Underneath the violence being shown on our screens lies ‘The Covenant of Hamas’. The goal is toxic, lethal alike to non-aligned Muslim, Jew and Gentile. Embodied in the covenant there is clear evidence that the conflict will not end until Islamic genocide of the Jews has been completed. And presumably the Christians will be next. It must not be forgotten either that Amin al-Husseini, the Grand Mufti of Jerusalem was an honoured guest of Hitler’s throughout WWII. His escape from house arrest in Europe pending war crime trials cascaded his Nazi message of hate through to other organisations like the Muslim Brotherhood and Hizbollah. The toxic Nazi legacy of hatred and the genocidal message span all these groupings.

So what is the solution?

The two-state solution vaunted by naïve western leaders simply will not work because it cannot satisfy the Palestinian objective of eliminating the Jews. The current favourite of a ceasefire can only ever be a temporary solution whilst one side or the other re-arms itself for the next round of attack or self-defence. Forced displacement of the Jews will not work, for the Palestinian goal is complete global genocide. Forced displacement of the Gazans will not work, because for various reasons the local Arab nations are unwilling to take them. So what hope is there?

Funnily enough, the answer comes from an Ukrainian women. At times her words have been seen as inflammatory, and she certainly did not shrink from controversy, but this is what she said:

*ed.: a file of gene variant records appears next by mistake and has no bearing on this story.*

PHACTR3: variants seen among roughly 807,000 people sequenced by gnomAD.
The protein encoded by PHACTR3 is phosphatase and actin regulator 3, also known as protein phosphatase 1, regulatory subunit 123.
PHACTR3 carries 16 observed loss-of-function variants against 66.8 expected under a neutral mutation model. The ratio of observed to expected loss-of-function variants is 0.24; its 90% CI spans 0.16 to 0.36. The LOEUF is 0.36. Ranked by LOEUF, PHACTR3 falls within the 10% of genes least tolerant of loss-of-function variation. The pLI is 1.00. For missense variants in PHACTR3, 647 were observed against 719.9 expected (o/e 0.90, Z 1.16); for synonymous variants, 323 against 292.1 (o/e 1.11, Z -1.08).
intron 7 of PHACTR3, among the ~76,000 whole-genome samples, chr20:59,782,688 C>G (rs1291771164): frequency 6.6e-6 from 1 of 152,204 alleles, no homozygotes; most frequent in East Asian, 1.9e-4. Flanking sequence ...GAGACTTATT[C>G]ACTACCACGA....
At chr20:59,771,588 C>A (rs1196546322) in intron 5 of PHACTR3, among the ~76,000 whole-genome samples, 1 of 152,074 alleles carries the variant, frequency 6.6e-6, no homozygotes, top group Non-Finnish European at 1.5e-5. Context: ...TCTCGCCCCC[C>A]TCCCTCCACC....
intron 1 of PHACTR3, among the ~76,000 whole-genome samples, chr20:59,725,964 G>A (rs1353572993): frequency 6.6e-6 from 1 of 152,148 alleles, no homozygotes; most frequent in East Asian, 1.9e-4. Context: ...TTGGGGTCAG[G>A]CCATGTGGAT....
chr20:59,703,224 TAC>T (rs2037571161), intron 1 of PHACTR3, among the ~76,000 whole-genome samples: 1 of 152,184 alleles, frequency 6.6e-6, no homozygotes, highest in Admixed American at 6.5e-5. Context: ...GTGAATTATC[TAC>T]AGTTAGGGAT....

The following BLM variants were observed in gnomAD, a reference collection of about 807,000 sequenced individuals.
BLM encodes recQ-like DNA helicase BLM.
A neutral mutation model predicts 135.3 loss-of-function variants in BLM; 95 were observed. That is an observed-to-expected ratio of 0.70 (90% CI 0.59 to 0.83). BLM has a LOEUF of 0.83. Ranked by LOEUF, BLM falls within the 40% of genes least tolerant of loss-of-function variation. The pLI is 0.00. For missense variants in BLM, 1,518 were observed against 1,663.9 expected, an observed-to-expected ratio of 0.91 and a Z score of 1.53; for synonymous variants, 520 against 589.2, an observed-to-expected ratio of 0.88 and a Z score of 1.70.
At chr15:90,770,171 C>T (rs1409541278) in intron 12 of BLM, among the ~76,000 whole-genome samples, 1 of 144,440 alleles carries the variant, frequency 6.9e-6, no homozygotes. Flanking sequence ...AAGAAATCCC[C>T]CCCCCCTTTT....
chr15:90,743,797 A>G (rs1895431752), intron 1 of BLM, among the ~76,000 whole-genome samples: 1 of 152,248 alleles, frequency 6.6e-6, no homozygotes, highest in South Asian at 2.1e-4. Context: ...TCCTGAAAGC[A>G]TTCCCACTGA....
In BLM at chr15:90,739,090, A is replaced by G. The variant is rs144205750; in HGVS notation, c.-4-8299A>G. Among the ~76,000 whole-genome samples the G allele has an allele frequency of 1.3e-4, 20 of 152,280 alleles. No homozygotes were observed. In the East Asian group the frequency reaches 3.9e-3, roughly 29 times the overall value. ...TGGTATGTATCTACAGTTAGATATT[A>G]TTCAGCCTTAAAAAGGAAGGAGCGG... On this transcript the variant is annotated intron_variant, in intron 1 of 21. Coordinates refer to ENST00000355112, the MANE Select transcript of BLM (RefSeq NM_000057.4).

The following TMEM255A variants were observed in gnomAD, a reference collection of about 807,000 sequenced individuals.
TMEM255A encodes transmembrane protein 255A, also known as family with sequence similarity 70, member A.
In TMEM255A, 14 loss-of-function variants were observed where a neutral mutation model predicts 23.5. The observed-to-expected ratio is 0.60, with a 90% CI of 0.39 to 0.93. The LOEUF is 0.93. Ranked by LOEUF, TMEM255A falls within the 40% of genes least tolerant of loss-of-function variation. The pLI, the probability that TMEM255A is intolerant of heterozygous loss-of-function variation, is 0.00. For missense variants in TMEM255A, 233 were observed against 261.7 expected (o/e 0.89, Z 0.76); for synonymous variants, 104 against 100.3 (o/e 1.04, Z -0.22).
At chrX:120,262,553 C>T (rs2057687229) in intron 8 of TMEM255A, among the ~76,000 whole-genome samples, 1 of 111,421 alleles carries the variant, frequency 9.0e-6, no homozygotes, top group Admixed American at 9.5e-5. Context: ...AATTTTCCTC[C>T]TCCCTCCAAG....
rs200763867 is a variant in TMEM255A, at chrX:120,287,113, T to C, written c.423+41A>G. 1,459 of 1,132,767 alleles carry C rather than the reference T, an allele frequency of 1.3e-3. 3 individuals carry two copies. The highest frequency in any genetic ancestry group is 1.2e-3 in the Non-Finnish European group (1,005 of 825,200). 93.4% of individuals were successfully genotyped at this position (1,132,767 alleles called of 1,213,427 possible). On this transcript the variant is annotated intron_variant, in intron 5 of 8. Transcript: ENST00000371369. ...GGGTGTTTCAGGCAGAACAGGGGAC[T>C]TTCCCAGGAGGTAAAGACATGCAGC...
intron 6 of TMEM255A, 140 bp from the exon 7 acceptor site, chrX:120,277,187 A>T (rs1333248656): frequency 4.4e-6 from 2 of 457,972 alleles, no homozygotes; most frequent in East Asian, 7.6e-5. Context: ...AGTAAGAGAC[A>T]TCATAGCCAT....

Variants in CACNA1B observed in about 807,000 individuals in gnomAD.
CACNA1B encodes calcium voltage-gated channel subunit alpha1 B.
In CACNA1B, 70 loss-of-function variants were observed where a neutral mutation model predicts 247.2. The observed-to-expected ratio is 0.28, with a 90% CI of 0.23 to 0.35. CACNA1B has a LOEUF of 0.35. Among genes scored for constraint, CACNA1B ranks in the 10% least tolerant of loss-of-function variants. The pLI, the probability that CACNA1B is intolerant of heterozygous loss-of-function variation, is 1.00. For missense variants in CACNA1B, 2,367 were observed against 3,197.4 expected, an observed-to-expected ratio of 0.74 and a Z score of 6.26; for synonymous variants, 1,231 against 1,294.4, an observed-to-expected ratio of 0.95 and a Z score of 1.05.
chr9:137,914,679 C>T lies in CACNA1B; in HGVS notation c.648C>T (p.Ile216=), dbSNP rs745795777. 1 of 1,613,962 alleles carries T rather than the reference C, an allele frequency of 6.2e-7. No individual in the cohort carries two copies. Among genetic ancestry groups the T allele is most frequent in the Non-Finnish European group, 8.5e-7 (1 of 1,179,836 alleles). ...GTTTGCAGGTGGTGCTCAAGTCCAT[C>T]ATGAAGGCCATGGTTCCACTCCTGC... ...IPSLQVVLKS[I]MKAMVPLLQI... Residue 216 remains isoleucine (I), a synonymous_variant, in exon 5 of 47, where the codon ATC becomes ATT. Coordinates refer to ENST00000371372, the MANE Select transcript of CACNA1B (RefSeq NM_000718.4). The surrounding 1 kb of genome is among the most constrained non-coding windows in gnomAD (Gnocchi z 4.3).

“Peace will come when the Arabs will love their children more than they hate us” (Golda Meir, A Land of Our Own: An Oral Autobiography 1 Jan. 1973).

For the violence to end will be a matter of the heart for the genocidal Islamists and their allies. Nothing less will do. The Ukrainian lady made the observation;

“When peace comes we will perhaps in time be able to forgive the Arabs for killing our sons, but it will be harder for us to forgive them for having forced us to kill their sons.” (ibid)

The lady was, of course, Golda Meir. She spoke these words fifty years ago and they are still true today. The solution to the conflict is a matter of the hearts and minds for those who until now have stood behind the genocidal covenant of Hamas. Israel also must choose then not avenge its grief for its own sons and daughters and its grief for their enemy’s children who as a human shield have been put to death by their Arab parents.

It is not impossible. It will take great courage and it will involve individuals choosing to put their own lives at risk. We have seen it in our lifetime. If the men of the Muslim world do not have the courage to stand against the terrorists (it appears the self-conscious western leaders and the UN vested in building their own empires also lack the courage) consider the deliberate and wilful change of heart in the last fifty years in Ulster. A women’s peace movement across the divide was critical to ending the violence of power-seeking terrorist leaders. An end to the ’Pro-Palestine’ (and by definition genocidal anti-semitic) marches is required urgently. Yet that is not enough.

If the marchers are serious about peace rather than the brutality of genocide, they should start take to the streets not chanting with factional hate, but crying out against the terrorists who are covenanted to kill, and who hide behind a human shield of their own women and children.

“Peace will come when the Arabs will love their children more than they hate us”.